Wednesday, July 02, 2014

Perversion of the Lord’s Name Today; Allah Is Not God

Exodus 20:7:You shall not take the name of the Lord your God in vain” as it relates to the use of “Allah”.
These comments form the conclusion to our look at Exodus 20:7 and the various ways we may be taking the Lord’s name in vain.  Earlier we covered the meaning of “taking something in vain”.  That led us to “abusing, misusing, and perverting” something.  All three aspects were covered with respect to the Lord’s name.  One area of discussion under the category of “perverting God’s name” was left for now.
On June 28, 2014, newspapers all over the world reported on a major decision made by the Malaysian government.  I read my account of it as found in the National Post column written by Robert Fulford.  Robert Marshall Blount Fulford, OC is a Canadian journalist, magazine editor, and essayist. He lives in Toronto.  This particular piece was entitled, The Lord’s name, in vain.
In it, Fulford informs us of the following:
·      Malaysian courts have made it illegal for Christian to refer to God as ‘Allah’ verbally or in writing
·      Many Muslims celebrated the news indicating they would defend the word Allah as theirs to the last drop of blood
·      Much of the world sees the two as synonymous and Allah as an Arabic term for God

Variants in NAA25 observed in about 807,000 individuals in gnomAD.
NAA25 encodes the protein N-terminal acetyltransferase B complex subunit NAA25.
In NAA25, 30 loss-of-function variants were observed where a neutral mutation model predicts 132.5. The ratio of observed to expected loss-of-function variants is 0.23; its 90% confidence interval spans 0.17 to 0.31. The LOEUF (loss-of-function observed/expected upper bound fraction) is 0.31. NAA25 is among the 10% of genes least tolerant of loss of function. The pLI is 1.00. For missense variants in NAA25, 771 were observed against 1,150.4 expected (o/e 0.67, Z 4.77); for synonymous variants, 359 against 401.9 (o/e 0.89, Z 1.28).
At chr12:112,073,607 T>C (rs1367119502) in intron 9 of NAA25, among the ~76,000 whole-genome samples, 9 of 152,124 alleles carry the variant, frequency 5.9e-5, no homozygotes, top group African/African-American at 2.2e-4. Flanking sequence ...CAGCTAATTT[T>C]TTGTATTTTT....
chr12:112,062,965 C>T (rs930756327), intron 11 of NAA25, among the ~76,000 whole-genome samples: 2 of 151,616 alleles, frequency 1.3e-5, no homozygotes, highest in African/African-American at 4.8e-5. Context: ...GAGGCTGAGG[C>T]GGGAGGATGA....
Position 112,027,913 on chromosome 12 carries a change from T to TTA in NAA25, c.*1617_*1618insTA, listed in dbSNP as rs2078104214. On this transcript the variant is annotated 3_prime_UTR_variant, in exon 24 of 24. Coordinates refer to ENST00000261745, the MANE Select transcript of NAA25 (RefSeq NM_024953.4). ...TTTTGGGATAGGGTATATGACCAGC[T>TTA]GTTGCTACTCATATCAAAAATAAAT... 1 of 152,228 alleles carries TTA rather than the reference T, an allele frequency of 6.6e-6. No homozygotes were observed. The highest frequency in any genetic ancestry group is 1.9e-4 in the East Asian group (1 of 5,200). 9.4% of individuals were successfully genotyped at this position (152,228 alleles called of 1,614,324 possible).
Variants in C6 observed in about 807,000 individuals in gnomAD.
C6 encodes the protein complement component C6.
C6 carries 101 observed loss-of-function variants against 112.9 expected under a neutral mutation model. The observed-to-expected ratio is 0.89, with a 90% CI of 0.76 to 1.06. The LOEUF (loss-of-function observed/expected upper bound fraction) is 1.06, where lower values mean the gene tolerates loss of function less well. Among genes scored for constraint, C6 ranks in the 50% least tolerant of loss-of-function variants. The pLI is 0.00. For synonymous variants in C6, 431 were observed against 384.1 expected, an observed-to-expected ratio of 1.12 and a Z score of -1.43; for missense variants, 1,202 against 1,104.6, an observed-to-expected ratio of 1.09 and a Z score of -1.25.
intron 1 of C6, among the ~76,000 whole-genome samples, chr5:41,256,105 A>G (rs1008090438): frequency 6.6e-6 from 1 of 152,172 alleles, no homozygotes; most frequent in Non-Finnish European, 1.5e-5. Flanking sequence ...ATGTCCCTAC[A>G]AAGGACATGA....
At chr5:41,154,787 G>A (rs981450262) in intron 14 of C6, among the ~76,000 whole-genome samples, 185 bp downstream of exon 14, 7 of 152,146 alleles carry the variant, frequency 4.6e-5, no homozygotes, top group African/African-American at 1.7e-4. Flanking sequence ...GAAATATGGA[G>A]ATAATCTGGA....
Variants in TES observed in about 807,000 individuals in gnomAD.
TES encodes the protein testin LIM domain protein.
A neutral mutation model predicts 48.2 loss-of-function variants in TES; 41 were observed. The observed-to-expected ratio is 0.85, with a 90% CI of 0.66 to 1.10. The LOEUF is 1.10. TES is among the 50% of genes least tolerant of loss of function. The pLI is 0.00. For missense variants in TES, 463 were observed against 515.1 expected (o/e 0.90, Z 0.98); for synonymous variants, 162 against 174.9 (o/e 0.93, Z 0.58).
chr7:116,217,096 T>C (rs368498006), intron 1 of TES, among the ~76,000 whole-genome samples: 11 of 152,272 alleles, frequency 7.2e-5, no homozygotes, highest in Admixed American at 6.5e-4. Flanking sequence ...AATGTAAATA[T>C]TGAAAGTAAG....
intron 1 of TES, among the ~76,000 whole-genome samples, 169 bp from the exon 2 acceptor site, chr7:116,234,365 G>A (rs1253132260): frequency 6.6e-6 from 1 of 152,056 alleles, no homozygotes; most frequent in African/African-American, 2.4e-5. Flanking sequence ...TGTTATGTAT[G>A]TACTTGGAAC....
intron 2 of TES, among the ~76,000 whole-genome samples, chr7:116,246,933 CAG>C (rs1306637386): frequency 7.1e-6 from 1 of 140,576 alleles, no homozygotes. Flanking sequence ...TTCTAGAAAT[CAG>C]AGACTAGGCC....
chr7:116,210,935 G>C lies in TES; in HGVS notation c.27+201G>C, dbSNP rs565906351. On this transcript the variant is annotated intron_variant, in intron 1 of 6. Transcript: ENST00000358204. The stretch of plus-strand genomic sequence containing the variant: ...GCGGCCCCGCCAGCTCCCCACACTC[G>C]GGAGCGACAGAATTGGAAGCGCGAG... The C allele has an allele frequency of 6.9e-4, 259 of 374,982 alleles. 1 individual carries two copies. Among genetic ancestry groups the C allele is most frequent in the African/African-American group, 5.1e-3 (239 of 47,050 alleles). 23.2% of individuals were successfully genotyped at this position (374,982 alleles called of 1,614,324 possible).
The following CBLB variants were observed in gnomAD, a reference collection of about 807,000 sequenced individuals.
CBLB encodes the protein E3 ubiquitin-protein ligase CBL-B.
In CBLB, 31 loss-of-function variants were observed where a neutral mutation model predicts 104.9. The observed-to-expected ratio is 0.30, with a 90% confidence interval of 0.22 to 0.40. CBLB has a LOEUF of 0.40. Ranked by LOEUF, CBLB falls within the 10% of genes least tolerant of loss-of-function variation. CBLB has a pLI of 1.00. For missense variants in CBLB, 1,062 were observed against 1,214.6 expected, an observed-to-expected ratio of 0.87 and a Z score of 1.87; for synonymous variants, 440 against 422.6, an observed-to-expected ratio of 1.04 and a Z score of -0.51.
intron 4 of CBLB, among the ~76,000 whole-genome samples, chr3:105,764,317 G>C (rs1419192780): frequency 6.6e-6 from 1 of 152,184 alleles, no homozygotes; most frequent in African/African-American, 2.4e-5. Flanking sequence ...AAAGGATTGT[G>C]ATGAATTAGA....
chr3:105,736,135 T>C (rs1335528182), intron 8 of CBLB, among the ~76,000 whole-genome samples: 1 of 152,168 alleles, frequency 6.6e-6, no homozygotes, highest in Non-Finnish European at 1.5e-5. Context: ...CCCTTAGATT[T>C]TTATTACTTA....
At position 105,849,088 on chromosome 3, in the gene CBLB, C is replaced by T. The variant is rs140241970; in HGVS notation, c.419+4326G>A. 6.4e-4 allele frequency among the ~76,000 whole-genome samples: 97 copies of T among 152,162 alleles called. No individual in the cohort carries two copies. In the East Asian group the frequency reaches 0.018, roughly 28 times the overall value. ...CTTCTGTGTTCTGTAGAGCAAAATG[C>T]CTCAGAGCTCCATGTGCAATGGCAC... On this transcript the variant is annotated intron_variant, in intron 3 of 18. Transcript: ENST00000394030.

·      In recent years Muslims have come to regard the word Allah itself as sacred, untouchable by non-believers in Islam
·      On this occasion, as on many occasions in recent times, the conservative, hyper-sensitive version of Islam won a considerable victory
·      Authorities claimed that the word “Allah” in a Christian context might confuse Muslims, causing them to become Christians
·      Malaysian politicians spend their days worrying about problems of racial and religious differences and their evenings congratulating themselves on how well they’ve solved them
·      Abdullah Zaik, the head of a passionate Muslim-Malay rights organization, has said the Christians should, in the name of national unity, set aside their stubbornness. Mohd Sani Badron, a leading Islamic scholar, has said that the use of “Allah” for “God” must stop because it “erroneously represents the two religions as equal” and may cause Islamic anger. Another leading Muslim said that Christians who go against the ruling are deliberately “trying to cause chaos,” raising the possibility of disharmony
·      This bizarre form of Bible censorship is another way of reminding Christians and Buddhists that they are not to consider themselves legitimate citizens of Malaysia
·      If a government in the West dared to intrude into an editorial decision on the publishing of the Koran, and if the courts supported that position, Muslims would be furious, and with good reasons.  But in many Muslim majority states a similarly outrageous decision is considered entirely within the rights of government.
So now you have the story and how at least Robert Fulford feels about it.  But here’s my take.  The only thing I can say is, “Amen!”  Why did it take the Malaysian government to force Christians to stop doing something that they should not have done on their own account?  And here’s where I lose some of you as promised . . . I believe substituting the word Allah for our one and only true God is indeed perverting the name of the Lord.  If you’re still with me, let me explain why I believe that.